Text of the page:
Quite a lot of the success of this story comes from the relatability with aspects of the characters. Lou herself is – on the whole – a very likeable character to read about. She is quirky, funny and compassionate, and while she is having a tough time of life, she gets on with it. I pitied Lou for most of the book. She is undervalued in a family who treat her like dirt (more on that later) and she is just trying to get enough money to get by. She has no true aspiration – something that I think is very relatable. I’ve seen people comment on how this is stupid of a 26-year-old, but if you ask me, so many people at different stages of their lives simply do not have the ambition to go skydiving or see the world, as Will did. On that level, Lou is far more relatable to me – not a risk-taker, not a dreamer, just someone who wants to get by in life. At moments, I could see a little of myself in her. For the most part, I was a big fan of her. That is, until the very end of the novel, when Will makes his decision about his assisted suicide. Lou suddenly became overly selfish, stopped thinking about Will’s own mental state and free will and was far too keen to prioritise what she thinks is best over what Will wished for. In the home stretch of the novel, as the plot shifted more towards a last-ditch romance, Lou began to show signs of morphing into a romantic-heroine-style character and lost her earlier personality at the expense of becoming a whining girl making declarations of love. This disappointed me a little bit, as she had been characterised so well up until this point. Regarding Will, I thought that his characterisation was very powerful. We get to see his inner turmoil over his condition; ironically, he is happier in those final six months than he had been before, but it was not enough to overrule his underlying feelings towards his paralysis. He has his fair share of humour, sincerity, emotion and stoicity, and Moyes does a great job of making the reader sympathetic to his struggles. Nathan was another character I enjoyed reading about. He added humour and a nice friendship dynamic. In fact, of all the characters, there was only one I could not tolerate: Lou’s sister Treena. Treena is horrid. Her self-righteous attitude, her unreasonable strop over the bedroom situation, and her superiority complex due to her being ‘more intelligent’ served to make her a painful character to read about. I hated that Lou always came to the ultimate conclusion that her sister was right, and bowed down to her ‘superior knowledge’, when all I could see is an extremely selfish hypocritical woman who bullies Lou into putting family first, whilst simultaneously not giving a care in the world to said family herself. The scene where Lou calls Treena out and criticises her attitude, stating that maybe she shouldn’t have gotten pregnant and ruined her life, I internally cheered so loud, until Lou instantly began saying how none of it was true and Treena was a great sister… Cue exasperated sigh. When we had a section from Treena’s voice, and I read the line “I am the one in the family who knows everything…. I should have all the answers… but I don’t,” I got so angry. Apart from supposedly being a ‘source of support’ for Lou (of which she does very little) I do not see Treena’s purpose in this novel.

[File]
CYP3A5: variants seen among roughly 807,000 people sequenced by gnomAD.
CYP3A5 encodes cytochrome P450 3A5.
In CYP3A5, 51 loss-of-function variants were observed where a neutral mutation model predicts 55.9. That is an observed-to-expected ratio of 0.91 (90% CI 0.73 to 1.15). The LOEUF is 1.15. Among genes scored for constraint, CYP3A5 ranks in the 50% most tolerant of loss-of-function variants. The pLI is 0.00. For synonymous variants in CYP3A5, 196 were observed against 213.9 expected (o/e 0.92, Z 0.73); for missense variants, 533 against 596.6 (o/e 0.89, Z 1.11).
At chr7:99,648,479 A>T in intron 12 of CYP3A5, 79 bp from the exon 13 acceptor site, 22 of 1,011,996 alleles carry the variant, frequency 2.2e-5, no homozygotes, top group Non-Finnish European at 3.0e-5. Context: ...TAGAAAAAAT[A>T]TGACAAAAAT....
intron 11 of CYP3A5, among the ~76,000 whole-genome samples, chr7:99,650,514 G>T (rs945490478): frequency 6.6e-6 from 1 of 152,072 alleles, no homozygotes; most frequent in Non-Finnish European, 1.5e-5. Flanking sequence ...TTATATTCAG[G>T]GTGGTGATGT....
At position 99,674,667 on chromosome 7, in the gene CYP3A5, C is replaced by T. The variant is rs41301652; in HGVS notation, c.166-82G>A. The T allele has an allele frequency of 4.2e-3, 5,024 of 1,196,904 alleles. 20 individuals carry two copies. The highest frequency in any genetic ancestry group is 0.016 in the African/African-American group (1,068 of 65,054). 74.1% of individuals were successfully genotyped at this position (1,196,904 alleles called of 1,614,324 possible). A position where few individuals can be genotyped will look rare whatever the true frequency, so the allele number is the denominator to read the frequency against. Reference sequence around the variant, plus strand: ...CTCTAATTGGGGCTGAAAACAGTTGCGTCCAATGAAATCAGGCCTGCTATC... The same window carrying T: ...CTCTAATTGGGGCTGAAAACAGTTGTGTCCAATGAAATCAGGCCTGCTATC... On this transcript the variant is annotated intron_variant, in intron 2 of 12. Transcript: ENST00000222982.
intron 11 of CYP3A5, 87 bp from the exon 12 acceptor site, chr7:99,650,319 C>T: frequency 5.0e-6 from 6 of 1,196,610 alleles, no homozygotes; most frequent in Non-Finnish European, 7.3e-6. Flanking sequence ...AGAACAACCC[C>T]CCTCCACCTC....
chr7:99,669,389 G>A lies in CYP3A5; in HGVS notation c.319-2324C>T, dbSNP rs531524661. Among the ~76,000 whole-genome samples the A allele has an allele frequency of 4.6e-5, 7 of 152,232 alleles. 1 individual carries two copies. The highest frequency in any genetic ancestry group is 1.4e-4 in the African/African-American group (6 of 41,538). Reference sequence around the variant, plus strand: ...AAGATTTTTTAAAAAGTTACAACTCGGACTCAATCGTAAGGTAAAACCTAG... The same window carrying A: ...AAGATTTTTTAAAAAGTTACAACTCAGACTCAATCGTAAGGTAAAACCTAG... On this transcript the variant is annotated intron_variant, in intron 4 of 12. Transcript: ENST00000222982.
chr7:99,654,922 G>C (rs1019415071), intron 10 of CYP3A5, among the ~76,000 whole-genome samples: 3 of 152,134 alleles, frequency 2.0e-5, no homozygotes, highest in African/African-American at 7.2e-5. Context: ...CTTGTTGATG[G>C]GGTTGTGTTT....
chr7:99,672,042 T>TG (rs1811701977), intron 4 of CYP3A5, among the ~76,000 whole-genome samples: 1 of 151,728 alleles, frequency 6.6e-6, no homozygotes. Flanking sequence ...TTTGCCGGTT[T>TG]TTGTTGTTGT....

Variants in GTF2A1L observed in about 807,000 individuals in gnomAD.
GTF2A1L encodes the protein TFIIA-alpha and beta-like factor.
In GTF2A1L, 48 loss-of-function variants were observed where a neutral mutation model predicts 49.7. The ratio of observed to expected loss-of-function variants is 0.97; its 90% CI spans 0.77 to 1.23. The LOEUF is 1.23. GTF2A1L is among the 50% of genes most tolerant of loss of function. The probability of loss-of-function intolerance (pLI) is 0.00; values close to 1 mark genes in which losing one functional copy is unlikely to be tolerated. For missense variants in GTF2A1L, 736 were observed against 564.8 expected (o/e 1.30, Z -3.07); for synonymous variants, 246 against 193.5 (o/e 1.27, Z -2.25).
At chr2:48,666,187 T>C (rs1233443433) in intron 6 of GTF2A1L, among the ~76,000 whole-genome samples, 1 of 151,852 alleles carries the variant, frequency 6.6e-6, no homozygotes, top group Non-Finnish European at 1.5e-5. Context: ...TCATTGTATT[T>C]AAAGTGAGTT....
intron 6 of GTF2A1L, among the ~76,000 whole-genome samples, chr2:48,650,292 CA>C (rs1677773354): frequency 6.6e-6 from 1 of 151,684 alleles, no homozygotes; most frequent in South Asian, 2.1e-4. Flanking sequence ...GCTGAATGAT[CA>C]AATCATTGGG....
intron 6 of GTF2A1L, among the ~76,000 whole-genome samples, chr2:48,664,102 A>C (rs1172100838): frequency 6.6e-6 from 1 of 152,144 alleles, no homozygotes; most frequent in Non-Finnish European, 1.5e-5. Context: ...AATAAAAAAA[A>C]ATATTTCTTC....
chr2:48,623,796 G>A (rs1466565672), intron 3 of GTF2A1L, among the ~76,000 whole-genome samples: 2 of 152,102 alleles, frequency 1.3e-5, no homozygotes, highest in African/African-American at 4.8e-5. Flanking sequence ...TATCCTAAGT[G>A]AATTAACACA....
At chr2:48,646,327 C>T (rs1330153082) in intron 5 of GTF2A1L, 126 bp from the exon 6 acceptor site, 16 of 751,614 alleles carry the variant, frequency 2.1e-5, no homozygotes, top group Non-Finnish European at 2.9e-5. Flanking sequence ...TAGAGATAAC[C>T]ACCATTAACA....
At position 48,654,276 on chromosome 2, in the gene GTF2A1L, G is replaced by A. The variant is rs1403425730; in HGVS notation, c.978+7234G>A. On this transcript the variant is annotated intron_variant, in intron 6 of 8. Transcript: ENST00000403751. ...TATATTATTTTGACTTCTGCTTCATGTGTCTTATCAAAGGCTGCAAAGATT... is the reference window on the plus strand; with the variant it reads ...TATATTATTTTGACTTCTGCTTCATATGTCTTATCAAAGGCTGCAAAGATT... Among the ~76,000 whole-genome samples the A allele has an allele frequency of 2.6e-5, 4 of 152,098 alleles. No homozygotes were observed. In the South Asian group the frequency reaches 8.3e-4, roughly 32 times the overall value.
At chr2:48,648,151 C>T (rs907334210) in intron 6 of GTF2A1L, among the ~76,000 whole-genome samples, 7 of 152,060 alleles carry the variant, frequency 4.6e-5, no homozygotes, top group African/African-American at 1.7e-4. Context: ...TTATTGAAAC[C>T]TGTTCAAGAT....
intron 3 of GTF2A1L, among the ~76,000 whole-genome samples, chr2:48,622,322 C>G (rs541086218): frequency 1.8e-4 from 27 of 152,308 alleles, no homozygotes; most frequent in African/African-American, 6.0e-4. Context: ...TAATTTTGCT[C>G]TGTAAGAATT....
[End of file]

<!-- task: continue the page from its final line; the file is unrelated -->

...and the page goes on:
Talking of narrative voices, I did like that we occasionally had chapters from different perspectives. We had the voice of Nathan, Treena, Stephen and Camilla, which provided a nice break away from Lou, and in the case of Camilla and Stephen, Will’s parents, allowed more depth to their story of having to accept Will’s decision. I liked the extent to which Moyes explores the parents’ roles in Will’s suicide, and this narrative device allowed for a lot more sympathy towards Camilla, as well as explaining Stephen’s affair (on that topic, I would have preferred it if it had started after Will’s accident as a way of distancing himself from the pain, rather than being an already ongoing thing – it would have been a stronger impact in terms of the effect disabilities have on relatives). While I liked the changes of view, however, Nathan’s and Treena’s especially did little for the story, and even Stephen’s probably could’ve been omitted. Another interesting (and perhaps more relevant) narrative device was the use of the chatrooms. I wish we had seen a little more of this feature, as it allowed Moyes to integrate in cases of other sufferers of paralysis and varying approaches to life with a disability – not all are as disheartened as Will, which added a more positive note.